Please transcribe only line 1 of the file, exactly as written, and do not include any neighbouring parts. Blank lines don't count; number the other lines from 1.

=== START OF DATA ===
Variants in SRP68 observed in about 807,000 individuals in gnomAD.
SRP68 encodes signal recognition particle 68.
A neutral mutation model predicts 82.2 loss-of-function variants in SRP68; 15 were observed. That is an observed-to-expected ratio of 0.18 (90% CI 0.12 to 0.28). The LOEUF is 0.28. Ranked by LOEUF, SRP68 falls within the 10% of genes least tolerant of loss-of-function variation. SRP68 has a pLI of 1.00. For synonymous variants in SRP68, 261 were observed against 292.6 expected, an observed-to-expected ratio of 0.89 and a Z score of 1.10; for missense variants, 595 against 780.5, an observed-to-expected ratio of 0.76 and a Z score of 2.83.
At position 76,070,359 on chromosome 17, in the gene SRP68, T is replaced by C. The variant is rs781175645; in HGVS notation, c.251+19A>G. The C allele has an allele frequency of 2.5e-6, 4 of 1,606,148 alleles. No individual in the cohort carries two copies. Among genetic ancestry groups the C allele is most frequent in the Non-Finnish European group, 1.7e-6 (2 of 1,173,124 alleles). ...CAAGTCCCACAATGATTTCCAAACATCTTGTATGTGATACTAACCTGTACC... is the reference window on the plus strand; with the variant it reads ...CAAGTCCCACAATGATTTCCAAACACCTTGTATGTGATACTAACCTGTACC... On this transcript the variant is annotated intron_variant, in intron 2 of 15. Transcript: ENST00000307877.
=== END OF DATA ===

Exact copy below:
Variants in SRP68 observed in about 807,000 individuals in gnomAD.